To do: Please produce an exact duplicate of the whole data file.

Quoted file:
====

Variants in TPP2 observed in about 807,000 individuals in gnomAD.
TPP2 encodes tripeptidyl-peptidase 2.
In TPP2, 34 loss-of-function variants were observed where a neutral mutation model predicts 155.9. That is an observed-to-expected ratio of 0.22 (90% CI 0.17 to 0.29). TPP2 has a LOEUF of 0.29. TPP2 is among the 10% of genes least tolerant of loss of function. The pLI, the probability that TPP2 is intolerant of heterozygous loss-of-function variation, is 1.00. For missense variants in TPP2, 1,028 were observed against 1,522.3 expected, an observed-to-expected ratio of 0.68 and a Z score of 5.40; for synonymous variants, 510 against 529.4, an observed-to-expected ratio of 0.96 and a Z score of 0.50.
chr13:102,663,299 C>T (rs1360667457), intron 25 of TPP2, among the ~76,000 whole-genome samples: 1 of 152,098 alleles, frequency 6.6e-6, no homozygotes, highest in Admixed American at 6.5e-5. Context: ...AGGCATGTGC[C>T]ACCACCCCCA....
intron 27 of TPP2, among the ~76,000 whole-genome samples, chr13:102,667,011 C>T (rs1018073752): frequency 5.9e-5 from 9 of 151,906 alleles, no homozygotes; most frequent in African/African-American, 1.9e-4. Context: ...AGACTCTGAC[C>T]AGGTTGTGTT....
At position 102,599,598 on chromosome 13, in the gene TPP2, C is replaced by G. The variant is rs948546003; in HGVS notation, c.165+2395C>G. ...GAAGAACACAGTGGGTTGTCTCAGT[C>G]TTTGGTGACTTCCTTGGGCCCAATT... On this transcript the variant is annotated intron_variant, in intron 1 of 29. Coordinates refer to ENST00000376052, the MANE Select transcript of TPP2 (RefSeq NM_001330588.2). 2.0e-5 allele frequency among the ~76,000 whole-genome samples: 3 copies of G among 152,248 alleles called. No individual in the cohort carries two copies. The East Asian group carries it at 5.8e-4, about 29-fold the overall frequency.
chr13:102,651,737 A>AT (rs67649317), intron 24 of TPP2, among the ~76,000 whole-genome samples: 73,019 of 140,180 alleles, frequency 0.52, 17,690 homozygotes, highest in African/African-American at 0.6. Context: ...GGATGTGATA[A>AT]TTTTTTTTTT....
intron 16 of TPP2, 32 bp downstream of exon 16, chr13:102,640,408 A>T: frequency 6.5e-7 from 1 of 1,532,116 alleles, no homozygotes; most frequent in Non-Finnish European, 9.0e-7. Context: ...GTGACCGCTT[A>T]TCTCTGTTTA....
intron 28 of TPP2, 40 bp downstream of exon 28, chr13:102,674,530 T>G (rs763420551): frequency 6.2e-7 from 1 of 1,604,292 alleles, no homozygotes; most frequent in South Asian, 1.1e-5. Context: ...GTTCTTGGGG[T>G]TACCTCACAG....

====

Variants in TPP2 observed in about 807,000 individuals in gnomAD.
TPP2 encodes tripeptidyl-peptidase 2.
In TPP2, 34 loss-of-function variants were observed where a neutral mutation model predicts 155.9. That is an observed-to-expected ratio of 0.22 (90% CI 0.17 to 0.29). TPP2 has a LOEUF of 0.29. TPP2 is among the 10% of genes least tolerant of loss of function. The pLI, the probability that TPP2 is intolerant of heterozygous loss-of-function variation, is 1.00. For missense variants in TPP2, 1,028 were observed against 1,522.3 expected, an observed-to-expected ratio of 0.68 and a Z score of 5.40; for synonymous variants, 510 against 529.4, an observed-to-expected ratio of 0.96 and a Z score of 0.50.
chr13:102,663,299 C>T (rs1360667457), intron 25 of TPP2, among the ~76,000 whole-genome samples: 1 of 152,098 alleles, frequency 6.6e-6, no homozygotes, highest in Admixed American at 6.5e-5. Context: ...AGGCATGTGC[C>T]ACCACCCCCA....
intron 27 of TPP2, among the ~76,000 whole-genome samples, chr13:102,667,011 C>T (rs1018073752): frequency 5.9e-5 from 9 of 151,906 alleles, no homozygotes; most frequent in African/African-American, 1.9e-4. Context: ...AGACTCTGAC[C>T]AGGTTGTGTT....
At position 102,599,598 on chromosome 13, in the gene TPP2, C is replaced by G. The variant is rs948546003; in HGVS notation, c.165+2395C>G. ...GAAGAACACAGTGGGTTGTCTCAGT[C>G]TTTGGTGACTTCCTTGGGCCCAATT... On this transcript the variant is annotated intron_variant, in intron 1 of 29. Coordinates refer to ENST00000376052, the MANE Select transcript of TPP2 (RefSeq NM_001330588.2). 2.0e-5 allele frequency among the ~76,000 whole-genome samples: 3 copies of G among 152,248 alleles called. No individual in the cohort carries two copies. The East Asian group carries it at 5.8e-4, about 29-fold the overall frequency.
chr13:102,651,737 A>AT (rs67649317), intron 24 of TPP2, among the ~76,000 whole-genome samples: 73,019 of 140,180 alleles, frequency 0.52, 17,690 homozygotes, highest in African/African-American at 0.6. Context: ...GGATGTGATA[A>AT]TTTTTTTTTT....
intron 16 of TPP2, 32 bp downstream of exon 16, chr13:102,640,408 A>T: frequency 6.5e-7 from 1 of 1,532,116 alleles, no homozygotes; most frequent in Non-Finnish European, 9.0e-7. Context: ...GTGACCGCTT[A>T]TCTCTGTTTA....
intron 28 of TPP2, 40 bp downstream of exon 28, chr13:102,674,530 T>G (rs763420551): frequency 6.2e-7 from 1 of 1,604,292 alleles, no homozygotes; most frequent in South Asian, 1.1e-5. Context: ...GTTCTTGGGG[T>G]TACCTCACAG....